Ecke Ranch's Jack Williams Dies On Overseas Trip
Floriculture industry members were saddened and shocked to learn Ecke Ranch's Jack Williams died at age 54 in Australia over the weekend. For 26 years, Williams has been the face of Ecke Ranch, helping growers all over the world produce poinsett
October 18, 2010
Floriculture industry members were saddened and shocked to learn Ecke Ranch's Jack Williams died at age 54 in Australia over the weekend. For 26 years, Williams has been the face of Ecke Ranch, helping growers all over the world produce poinsettias and spring annuals. He also was a big part of educational programming at OFA and a past board member.
Following an autopsy, the coroner in Australia determined the cause of death was a Deep Vein Thrombosis that was catastrophic and irreversible. Williams is survived by his wife, Cheryl, and children, Bethany and Stephen, in Encinitas, Calif. Ecke Ranch's President Andy Higgins says Williams spent last week in Japan and had just arrived in Australia, when he died Monday morning there, which was Sunday in the United States. As a technical specialist for Ecke Ranch and Ecke Europe, Williams visited greenhouses and trial sites throughout the world to evaluate crops, production systems and assess needs for these markets and Ecke Ranch. His focus included not only the poinsettias Ecke Ranch is famous for but all the annual bedding plants, geraniums, kalanchoe and other vegetative annual crops produced and sold by the Ecke companies.
In addition to working with product development, production and the sales and marketing groups for new plant introductions, Williams supported these crops through technical support in the form of production documents, magazine articles, crop production books and grower seminars. Williams also was a regularly featured author in consumer press and a frequent guest on various radio and television programs targeted to home gardeners.
Williams and Paul Ecke III were classmates at Colorado State University, where Williams earned his bachelor of science degree in horticulture/floriculture in 1979. "He was always a much better student than I!" Ecke says. "He was a lucky man, because he had amazing passion and creativity for his job and was literally a 'rock star' out in the industry. And he was so proud of his family. Everyone loved Jack."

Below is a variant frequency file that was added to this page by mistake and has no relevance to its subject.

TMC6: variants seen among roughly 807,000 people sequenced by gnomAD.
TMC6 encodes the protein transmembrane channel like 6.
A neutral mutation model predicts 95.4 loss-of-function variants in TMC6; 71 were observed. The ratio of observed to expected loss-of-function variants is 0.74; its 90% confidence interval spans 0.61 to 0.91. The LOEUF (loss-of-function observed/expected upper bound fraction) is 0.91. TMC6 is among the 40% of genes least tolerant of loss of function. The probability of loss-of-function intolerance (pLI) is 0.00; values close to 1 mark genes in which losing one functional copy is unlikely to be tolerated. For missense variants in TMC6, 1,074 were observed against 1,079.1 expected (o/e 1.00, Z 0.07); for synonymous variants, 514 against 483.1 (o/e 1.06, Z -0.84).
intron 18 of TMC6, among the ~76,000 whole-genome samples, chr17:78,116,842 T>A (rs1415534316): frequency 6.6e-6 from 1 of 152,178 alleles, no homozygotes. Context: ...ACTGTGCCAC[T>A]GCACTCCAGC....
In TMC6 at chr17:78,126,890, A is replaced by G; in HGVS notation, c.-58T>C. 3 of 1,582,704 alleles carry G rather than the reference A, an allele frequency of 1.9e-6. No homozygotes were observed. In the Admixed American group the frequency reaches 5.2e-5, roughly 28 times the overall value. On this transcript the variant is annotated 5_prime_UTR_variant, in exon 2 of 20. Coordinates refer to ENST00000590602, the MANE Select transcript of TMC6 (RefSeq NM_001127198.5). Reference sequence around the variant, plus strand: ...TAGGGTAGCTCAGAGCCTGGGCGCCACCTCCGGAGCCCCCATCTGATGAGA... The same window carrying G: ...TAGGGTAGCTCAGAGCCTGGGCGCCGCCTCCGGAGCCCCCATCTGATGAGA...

He traveled to Asia, Africa, India and Europe, and all around the Americas, Ecke adds. "Everyone knew Jack would be the guy who could help them be successful. He was a huge contributor for Ecke Ranch. Our hearts are going out to his family, and we in the Ecke Ranch family are devastated by this very unexpected news. He will be missed terribly but I know he would have wanted us to carry on and continue to share the beauty of plants and flowers with the world."
One of his best friends, Lloyd Traven at Peace Tree Farm in Pennsylvania, says, "One of the things that really got to us today was it being poinsettia season, plus we had made plans to get together during the OFA meetings in Columbus this weekend. I had spoken to him last week about doing a whole bunch of new items and shapes, including a poinsettia wreath. We have new people working for us who never grew poinsettias. I reached for the poinsettia manual and a picture fell out from when he turned 50 and there was a contest to find all the pictures at Short Course. He was sitting in a beach chair with a dunce hat and it said, 'Still Nifty At Fifty.'"
OFA's Steve Carver says Williams was an enthusiastic influence guiding educational programming at Short Course. "He wanted to create sessions that were interactive in nature that directly addressed growers' needs," Carver says. "He would have attendees pull information from him and session presenters. He always wanted to have the best of the best speakers on the program and integrate new talent, for the good of the industry and to keep the program fresh and inviting. Jack also was the consummate facilitator, diplomatically knowing how to redirect when redirection was needed."
One tradition Carver and the OFA crew always looked forward to was ending the California Spring Trials trip over dinner with Williams. "We'd pick his brain and talk about the industry and its challenges and sit in awe as he shared observations. Frank Zaunscherb recently took a picture of Jack with a butterfly, which I feel was very fitting. Like a butterfly, Jack's life was bright, beautiful, exciting and way too short."
Many have been inquiring about funeral services. Ecke's Higgins says he thinks it will be at least 10 days away, because Williams still needs to be transported back from Australia. We will present the details as soon as we know on GreenhouseGrower.com.